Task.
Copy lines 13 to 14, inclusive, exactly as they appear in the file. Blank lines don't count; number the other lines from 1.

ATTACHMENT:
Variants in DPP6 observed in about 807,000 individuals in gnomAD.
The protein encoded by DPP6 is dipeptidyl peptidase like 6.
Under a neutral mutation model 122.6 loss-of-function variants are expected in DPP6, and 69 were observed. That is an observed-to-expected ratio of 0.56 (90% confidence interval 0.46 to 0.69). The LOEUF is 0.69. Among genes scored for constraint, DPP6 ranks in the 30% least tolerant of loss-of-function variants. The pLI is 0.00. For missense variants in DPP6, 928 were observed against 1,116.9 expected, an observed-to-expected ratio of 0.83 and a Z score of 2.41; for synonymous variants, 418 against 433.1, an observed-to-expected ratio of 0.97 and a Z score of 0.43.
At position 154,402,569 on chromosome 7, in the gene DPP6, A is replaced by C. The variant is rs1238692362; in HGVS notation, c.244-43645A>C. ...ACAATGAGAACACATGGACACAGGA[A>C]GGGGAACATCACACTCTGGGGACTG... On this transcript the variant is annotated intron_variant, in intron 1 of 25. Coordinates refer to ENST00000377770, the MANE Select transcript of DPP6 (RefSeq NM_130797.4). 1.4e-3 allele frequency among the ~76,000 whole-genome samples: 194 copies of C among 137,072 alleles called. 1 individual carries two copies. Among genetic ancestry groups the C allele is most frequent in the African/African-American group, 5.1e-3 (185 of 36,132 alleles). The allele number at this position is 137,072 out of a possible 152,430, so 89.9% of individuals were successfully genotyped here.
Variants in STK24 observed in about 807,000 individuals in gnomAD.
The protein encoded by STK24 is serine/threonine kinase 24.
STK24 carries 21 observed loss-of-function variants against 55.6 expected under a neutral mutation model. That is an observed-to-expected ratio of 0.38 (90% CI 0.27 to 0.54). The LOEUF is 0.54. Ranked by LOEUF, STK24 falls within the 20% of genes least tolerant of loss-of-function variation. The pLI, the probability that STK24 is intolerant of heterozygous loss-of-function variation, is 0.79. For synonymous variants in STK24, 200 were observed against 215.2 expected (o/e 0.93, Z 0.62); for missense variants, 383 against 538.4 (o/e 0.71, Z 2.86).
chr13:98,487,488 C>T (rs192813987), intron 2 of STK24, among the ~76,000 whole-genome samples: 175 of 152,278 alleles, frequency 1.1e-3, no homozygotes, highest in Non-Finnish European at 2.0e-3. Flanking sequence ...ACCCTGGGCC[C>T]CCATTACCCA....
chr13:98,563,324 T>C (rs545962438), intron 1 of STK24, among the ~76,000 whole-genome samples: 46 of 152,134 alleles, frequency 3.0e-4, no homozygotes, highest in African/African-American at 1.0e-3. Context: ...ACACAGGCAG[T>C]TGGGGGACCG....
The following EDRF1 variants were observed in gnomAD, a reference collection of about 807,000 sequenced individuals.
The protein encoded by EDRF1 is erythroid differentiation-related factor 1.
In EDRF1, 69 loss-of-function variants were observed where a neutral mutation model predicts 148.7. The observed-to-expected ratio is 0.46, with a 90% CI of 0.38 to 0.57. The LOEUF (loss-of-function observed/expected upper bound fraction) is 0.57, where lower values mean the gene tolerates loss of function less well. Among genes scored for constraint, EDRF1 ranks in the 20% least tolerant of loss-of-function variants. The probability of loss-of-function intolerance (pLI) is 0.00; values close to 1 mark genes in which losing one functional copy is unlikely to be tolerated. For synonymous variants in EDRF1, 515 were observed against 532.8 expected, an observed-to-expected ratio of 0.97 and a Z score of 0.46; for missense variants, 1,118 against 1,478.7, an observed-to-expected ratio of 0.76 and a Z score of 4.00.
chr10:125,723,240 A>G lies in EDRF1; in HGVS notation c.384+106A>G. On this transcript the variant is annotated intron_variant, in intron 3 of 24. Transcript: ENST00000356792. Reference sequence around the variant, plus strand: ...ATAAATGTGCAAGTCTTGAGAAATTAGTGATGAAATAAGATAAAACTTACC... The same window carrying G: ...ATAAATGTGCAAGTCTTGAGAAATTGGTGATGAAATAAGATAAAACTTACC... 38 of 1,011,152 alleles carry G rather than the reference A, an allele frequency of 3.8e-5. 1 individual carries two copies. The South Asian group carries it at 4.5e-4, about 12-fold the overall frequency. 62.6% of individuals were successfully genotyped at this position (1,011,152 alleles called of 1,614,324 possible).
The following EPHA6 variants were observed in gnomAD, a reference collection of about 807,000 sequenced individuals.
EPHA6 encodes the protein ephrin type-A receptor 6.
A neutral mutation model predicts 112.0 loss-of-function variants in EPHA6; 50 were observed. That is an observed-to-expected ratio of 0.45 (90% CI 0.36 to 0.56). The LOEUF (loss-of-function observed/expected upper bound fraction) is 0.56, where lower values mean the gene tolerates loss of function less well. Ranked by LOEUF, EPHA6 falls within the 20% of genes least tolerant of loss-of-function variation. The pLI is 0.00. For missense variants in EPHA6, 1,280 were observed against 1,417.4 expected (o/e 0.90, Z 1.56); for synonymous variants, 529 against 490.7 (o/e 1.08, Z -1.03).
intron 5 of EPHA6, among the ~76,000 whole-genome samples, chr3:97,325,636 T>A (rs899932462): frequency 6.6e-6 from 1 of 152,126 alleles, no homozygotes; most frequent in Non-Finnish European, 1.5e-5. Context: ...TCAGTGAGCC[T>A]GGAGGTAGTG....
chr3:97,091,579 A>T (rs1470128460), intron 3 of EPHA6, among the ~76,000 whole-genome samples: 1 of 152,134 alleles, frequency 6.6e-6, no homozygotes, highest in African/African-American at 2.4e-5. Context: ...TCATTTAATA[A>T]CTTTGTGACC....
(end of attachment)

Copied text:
chr10:125,723,240 A>G lies in EDRF1; in HGVS notation c.384+106A>G. On this transcript the variant is annotated intron_variant, in intron 3 of 24. Transcript: ENST00000356792. Reference sequence around the variant, plus strand: ...ATAAATGTGCAAGTCTTGAGAAATTAGTGATGAAATAAGATAAAACTTACC... The same window carrying G: ...ATAAATGTGCAAGTCTTGAGAAATTGGTGATGAAATAAGATAAAACTTACC... 38 of 1,011,152 alleles carry G rather than the reference A, an allele frequency of 3.8e-5. 1 individual carries two copies. The South Asian group carries it at 4.5e-4, about 12-fold the overall frequency. 62.6% of individuals were successfully genotyped at this position (1,011,152 alleles called of 1,614,324 possible).
The following EPHA6 variants were observed in gnomAD, a reference collection of about 807,000 sequenced individuals.